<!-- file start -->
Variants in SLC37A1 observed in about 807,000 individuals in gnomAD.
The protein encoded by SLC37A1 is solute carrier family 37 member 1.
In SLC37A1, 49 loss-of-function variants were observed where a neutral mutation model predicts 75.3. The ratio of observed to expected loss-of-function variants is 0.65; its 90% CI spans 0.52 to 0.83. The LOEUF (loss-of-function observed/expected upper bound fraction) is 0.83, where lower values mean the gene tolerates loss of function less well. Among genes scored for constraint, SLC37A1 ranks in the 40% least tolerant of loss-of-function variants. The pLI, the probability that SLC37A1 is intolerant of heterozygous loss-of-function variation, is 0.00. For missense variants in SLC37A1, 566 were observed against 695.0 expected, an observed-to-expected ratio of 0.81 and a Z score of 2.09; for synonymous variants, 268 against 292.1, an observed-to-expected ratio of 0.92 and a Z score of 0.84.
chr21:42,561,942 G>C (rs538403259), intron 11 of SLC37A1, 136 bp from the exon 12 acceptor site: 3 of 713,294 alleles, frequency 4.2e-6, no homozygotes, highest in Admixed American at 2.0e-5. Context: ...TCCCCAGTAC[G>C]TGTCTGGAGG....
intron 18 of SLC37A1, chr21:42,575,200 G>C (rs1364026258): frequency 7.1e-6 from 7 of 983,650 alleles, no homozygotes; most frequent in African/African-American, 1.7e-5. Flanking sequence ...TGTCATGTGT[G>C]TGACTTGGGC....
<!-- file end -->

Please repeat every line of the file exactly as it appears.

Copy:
Variants in SLC37A1 observed in about 807,000 individuals in gnomAD.
The protein encoded by SLC37A1 is solute carrier family 37 member 1.
In SLC37A1, 49 loss-of-function variants were observed where a neutral mutation model predicts 75.3. The ratio of observed to expected loss-of-function variants is 0.65; its 90% CI spans 0.52 to 0.83. The LOEUF (loss-of-function observed/expected upper bound fraction) is 0.83, where lower values mean the gene tolerates loss of function less well. Among genes scored for constraint, SLC37A1 ranks in the 40% least tolerant of loss-of-function variants. The pLI, the probability that SLC37A1 is intolerant of heterozygous loss-of-function variation, is 0.00. For missense variants in SLC37A1, 566 were observed against 695.0 expected, an observed-to-expected ratio of 0.81 and a Z score of 2.09; for synonymous variants, 268 against 292.1, an observed-to-expected ratio of 0.92 and a Z score of 0.84.
chr21:42,561,942 G>C (rs538403259), intron 11 of SLC37A1, 136 bp from the exon 12 acceptor site: 3 of 713,294 alleles, frequency 4.2e-6, no homozygotes, highest in Admixed American at 2.0e-5. Context: ...TCCCCAGTAC[G>C]TGTCTGGAGG....
intron 18 of SLC37A1, chr21:42,575,200 G>C (rs1364026258): frequency 7.1e-6 from 7 of 983,650 alleles, no homozygotes; most frequent in African/African-American, 1.7e-5. Flanking sequence ...TGTCATGTGT[G>C]TGACTTGGGC....